The movie “Can you ever forgive me” is based on the true story of Jewish lesbian and cat lover writer Lee Israel (portrayed by Melissa McCarthy), who spices up her failing writing career by forging and selling rare literary letters with the help of an awesome drifter named Jack Hock (portrayed by Richard E. Grant).
During the ‘70’s and 80’s, Lee Israel wrote biographies of famous celebrities like Katharine Hepburn, Tallulah Bankhead, Estee Lauder and Dorothy Kilgallen.
Incidentally, but not insignificantly, it’s also the story of a friendship between an acerbic lesbian and a witty gay man — a unique synergy and the unsung bedrock of the queer community that is rarely, if ever, portrayed onscreen, and certainly not with this authenticity.
It’s the kind of non-sexual relationship between a man and a woman Hollywood just doesn’t do, and it wouldn’t have happened if “Can You Ever Forgive Me?” was pure fiction. The people these characters are based on were queer in real life, so no executive could (or was less likely to) say, “Why do they both have to be gay?” But it’s also a testament to director Marielle Heller and screenwriters Nicole Holofcener and Jeff Whitty, himself a gay man, for centering Lee and Jack’s queerness without writing the narrative equivalent of a giant neon “GAY” sign.
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If “Can You Ever Forgive Me?” were a different kind of movie, this sentiment might mask a sinister excuse to not make the movie queer at all. But the movie is steeped in queerness; from the awkward charge between Lee and bookstore owner Anna (Dolly Wells), to using New York’s oldest surviving gay bar, Julius, as Lee and Jack’s watering hole.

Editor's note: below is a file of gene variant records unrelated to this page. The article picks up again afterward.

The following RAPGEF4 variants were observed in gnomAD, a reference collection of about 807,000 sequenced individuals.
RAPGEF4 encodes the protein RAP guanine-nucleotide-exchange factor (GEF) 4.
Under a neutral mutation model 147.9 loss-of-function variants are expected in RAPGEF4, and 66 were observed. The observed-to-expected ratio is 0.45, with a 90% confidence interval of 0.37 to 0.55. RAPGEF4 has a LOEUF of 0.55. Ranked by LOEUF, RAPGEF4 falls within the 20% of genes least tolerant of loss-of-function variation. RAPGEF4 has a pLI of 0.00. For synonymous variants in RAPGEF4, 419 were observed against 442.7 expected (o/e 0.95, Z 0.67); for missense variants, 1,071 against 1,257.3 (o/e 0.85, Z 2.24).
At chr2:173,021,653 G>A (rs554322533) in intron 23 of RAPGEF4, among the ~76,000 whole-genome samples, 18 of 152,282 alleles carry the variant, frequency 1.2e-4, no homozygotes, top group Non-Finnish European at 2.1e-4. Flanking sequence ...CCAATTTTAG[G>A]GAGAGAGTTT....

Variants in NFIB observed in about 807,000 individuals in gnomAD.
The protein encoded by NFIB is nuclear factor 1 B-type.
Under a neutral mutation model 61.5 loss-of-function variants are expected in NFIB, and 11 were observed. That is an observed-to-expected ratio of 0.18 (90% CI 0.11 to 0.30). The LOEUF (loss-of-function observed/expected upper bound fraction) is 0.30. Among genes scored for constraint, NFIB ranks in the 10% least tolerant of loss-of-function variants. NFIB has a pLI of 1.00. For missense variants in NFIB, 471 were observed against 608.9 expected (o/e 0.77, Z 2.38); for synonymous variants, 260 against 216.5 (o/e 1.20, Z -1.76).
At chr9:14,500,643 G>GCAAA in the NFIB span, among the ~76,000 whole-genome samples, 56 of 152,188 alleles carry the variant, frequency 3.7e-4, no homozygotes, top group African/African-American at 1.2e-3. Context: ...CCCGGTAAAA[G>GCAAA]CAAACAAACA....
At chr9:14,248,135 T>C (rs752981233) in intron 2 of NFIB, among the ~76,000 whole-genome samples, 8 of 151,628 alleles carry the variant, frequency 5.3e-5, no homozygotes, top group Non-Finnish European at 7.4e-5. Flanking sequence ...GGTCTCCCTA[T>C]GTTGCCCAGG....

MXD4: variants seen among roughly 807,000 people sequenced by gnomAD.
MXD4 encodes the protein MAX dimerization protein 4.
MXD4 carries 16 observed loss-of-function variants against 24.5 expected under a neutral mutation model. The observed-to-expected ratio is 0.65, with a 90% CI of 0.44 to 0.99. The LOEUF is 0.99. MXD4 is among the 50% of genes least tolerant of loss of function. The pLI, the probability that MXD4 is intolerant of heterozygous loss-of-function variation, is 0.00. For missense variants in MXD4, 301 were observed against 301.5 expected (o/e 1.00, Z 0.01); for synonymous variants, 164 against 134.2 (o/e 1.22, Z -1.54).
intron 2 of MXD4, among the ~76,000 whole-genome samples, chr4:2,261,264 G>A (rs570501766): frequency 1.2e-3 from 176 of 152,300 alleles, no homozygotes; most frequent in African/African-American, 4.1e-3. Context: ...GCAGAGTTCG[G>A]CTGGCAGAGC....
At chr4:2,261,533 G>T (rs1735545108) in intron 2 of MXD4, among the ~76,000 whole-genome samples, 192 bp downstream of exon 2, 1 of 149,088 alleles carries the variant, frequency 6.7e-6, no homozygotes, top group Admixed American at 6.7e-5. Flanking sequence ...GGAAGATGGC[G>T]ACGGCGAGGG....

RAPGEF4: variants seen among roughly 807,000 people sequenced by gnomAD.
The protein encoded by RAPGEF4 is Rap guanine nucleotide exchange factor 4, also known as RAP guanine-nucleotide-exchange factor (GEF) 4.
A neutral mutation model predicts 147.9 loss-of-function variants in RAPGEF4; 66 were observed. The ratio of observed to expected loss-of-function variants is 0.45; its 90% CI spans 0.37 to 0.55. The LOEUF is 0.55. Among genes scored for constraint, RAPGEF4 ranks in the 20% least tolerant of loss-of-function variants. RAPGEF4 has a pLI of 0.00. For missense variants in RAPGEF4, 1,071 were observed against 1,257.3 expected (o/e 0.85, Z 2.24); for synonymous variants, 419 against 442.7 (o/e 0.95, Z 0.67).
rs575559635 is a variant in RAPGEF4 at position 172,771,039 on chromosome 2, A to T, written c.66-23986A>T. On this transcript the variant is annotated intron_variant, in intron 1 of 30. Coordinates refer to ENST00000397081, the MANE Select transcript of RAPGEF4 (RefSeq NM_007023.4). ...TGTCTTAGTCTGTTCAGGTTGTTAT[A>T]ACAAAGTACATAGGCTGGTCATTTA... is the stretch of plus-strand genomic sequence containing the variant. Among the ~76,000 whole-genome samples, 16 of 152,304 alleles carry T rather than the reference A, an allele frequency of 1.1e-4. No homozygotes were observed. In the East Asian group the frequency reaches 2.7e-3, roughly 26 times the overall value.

“We tried to do it in other subtle ways,” Heller said. “Our production designer Steven Carter, we had an ACT UP little poster in the background at Julius. Little things that reference where we were in that moment of time.”
Set in 1991, Heller was adamant that the film display a political awareness, which she did with subtle references to the AIDS crisis. Early on in the film, Jack deadpans: “I have no one to tell, all my friends are dead.”
“That was the first thing I added to the script,” said Heller. “He says it in this very off-handed dark humor. There’s no feeling sorry for himself in that moment. It’s just kind of, it’s not even a thing, he just says it and moves on. But hopefully we as an audience go, ‘Oh right, this is New York City, a gay man, 1991.”
More than positioning the film politically, the line also outs the character without making him overly flamboyant or shoehorning in an unnecessary romance. In fact, aside from Lee’s flirtation with Anna (which is over before it begins), Lee and Jack are the movie’s central romance. In one wrenching scene, she bars his entry to her apartment, embarrassed by the filthiness and what it reveals about her own state of mind. “Lee, I don’t mind, really,” Jack implores gently, before sweeping cat poop from under her bed.
Queer people have long learned to take care of each other. Reserving judgment, except for everybody else.
“The AIDS crisis was the moment that the lesbian and gay community really united, especially in New York City. For a lot of men, lesbians were people who ended up taking care of them as they died,” said Heller. “Lee and Jack represent that in some small way.”
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